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Denny Hamlin finds that first turn Kansas wall just as hard as Dale Earnhardt

Denny Hamlin finds that first turn Kansas wall just as hard as Dale Earnhardt

Not a pretty sight: Denny Hamlin's banged up right side (Photo: Getty Images for NASCAR)



   By Mike Mulhern
   KANSAS CITY, Kansas
   Fast new asphalt, variable banking in the corners (17 to 20 degrees, up considerably), hard, no-wear Michigan tires, and crisp, sunny fall weather -- that's the early line for Round Six of NASCAR's 10-race championship playoffs.
   And Thursday morning Denny Hamlin added an unexpected twist, hitting the wall hard in the first turn, and getting checked out twice by doctors at the infield care center.
   That's where Dale Earnhardt hit hard during an August 29th test, a hit that left with a concussion -- which he didn't reveal to any one until he had a second concussion in that last lap wreck at Talladega two weeks ago.
   So Earnhardt, again, will be sitting out Sunday's Kansas 400, while Clint Bowyer, Jimmie Johnson and Hamlin continued stalking tour leader Brad Keselowski...and Richard Petty keeps working toward something for 2013.
   Hamlin, though he wiped out his primary car, drove it back to the garage, thus not officially needing to visit an infield doctor. However NASCAR, sensitive to the medical issue now in the wake of Earnhardt's problems, asked Hamlin to get checked out. And an hour later Hamlin was asked to get checked out again, before being cleared to continue running this weekend.
   NASCAR rules require that a driver start the race in order to get points for that event, a controversial rule in that it forces injured drivers to suit up and drive, or lose a shot at the title. 
   Denny Hamlin: woozy, but apparently okay (Photo: Getty Images for NASCAR)
   By sitting out, Earnhardt got no points at Charlotte and will get no points here, taking him out of the championship hunt, in this his best overall season since 2004.
   While it's supposed to be sunny and 73 for Sunday's 400, Thursday devolved into a windy, misty, overcast day.
   NASCAR's 2013 stockers, a new design still evolving, have been on the track here, during extra testing for the first race on Kansas Speedway's new asphalt. The 2013s, seven of them, tested at Talladega two weeks ago, and more testing was conducted last week at Texas. However the final shape of the 2013 cars apparently has yet to be decided.
   And the 2013 project continues to look far behind...and seemingly not a major priority for teams. The test here didn't exactly have an A-team of testers: Parker Kligerman in the new Penske Ford that Keselowski will run next year, Josh Wise in a Chip Ganassi Chevy, Brian Vickers in a Michael Waltrip Toyota, and Trevor Bayne in Jack Roush's Ford. None of those four are full-time Cup drivers.
   Josh Wise, in that well-disguised 2013 Chevy Zebra (Photo: Getty Images for NASCAR)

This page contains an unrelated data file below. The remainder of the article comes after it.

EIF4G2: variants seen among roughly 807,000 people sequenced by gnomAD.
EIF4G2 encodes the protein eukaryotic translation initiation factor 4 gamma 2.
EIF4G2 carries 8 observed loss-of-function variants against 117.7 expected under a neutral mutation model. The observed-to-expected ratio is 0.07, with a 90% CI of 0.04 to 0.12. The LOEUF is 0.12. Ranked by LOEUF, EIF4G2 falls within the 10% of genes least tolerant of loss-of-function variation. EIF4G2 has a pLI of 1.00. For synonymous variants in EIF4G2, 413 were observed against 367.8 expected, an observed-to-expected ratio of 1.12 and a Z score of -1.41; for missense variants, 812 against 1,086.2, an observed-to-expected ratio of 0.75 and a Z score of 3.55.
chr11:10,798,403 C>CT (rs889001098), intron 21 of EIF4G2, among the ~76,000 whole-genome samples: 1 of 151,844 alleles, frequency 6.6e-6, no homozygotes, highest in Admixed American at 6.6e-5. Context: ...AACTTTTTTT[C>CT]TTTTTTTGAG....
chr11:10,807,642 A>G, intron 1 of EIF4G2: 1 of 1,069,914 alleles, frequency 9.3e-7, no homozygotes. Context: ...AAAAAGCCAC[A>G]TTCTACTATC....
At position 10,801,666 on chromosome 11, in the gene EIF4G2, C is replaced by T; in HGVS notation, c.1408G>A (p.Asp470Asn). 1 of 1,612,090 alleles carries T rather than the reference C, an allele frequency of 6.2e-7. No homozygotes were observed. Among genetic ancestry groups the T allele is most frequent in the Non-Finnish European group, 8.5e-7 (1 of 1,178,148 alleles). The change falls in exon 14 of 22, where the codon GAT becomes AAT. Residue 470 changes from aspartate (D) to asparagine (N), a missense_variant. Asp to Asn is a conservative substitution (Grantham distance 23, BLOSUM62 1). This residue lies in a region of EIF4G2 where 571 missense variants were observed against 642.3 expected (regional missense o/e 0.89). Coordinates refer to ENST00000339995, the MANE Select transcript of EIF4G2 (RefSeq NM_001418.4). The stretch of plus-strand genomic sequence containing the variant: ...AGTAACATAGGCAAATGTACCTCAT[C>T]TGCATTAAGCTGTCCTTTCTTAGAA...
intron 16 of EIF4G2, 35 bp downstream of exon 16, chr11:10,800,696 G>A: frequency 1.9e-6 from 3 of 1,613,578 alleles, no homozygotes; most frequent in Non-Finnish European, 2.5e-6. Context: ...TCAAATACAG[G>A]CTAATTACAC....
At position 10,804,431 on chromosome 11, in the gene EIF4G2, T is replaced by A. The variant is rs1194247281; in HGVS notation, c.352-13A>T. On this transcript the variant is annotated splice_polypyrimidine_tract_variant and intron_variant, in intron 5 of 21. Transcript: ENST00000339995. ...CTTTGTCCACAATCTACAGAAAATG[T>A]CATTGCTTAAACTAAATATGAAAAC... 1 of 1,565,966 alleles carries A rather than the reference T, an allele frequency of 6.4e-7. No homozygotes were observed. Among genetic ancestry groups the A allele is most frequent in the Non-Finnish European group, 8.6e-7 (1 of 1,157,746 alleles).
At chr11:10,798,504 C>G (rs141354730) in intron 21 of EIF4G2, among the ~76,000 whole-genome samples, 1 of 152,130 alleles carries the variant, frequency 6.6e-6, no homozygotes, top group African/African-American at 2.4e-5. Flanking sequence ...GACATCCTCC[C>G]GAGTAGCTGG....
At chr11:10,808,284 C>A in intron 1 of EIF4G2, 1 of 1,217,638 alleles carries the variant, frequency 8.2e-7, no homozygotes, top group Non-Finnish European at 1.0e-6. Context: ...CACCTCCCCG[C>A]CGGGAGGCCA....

Meanwhile the future of Danica Patrick as the GoDaddy girl may be up in the air, with questions raised about how effective she is now as a spokesman for that company, as it changes its marketing, and questions about the future of her sponsorship. 
   GoDaddy, the internet domain company, has been sold, and the new owners have a new ad agency, and a new agenda it looks like. And Patrick certainly hasn't been as prominent since those changeovers. It's been several months since she was last featured in a GoDaddy ad; those ads, and that sexy marketing, has been part of her business game plan since 2007.
  It's been a rough season for Patrick, who hasn't done much at all on the NASCAR circuit, particularly on the Sprint Cup side. Has her sex appeal worn thin? Her sponsorship contract with GoDaddy runs another year, but she certainly appear to be heading into some transitional stage. A big question: as poorly as she's performed on the Cup tour this season in her few events, how may she fare as a full-timer in Cup next season?
   Brian Vickers, in a 2013 Toyota, running ahead of AJ Allmendinger, in a 2012 Chevy (Photo: Getty Images for NASCAR)
   The featured story line here is ostensibly the championship, though the new surface may trump that.
   It's only been 12 years since Kansas Speedway opened, in vacant farmland that has since become a major business hub, a veritable mini-city next to the track, complete now with a fancy new casino.
   It is that casino that is the reason this market, though it's only 29th largest in the U.S., has two Sprint Cup weekends, while Los Angeles, for example, has only one.
   A somewhat curious question is why did the International Speedway Corp (ISC) repave this track, when it still hasn't repaved California Speedway in the LA market.
  The new pavement should dramatically change the game here. The old track was a tire-eater, with cars slowing down as tires wore; the new track is showing virtually no wear, as expected of course, with tire temperatures the bigger issue. On Michigan's new asphalt the tire temps were an issue, and Goodyear changed the race day recommendation on the eve of the June 400. Goodyear came back in August with a different package.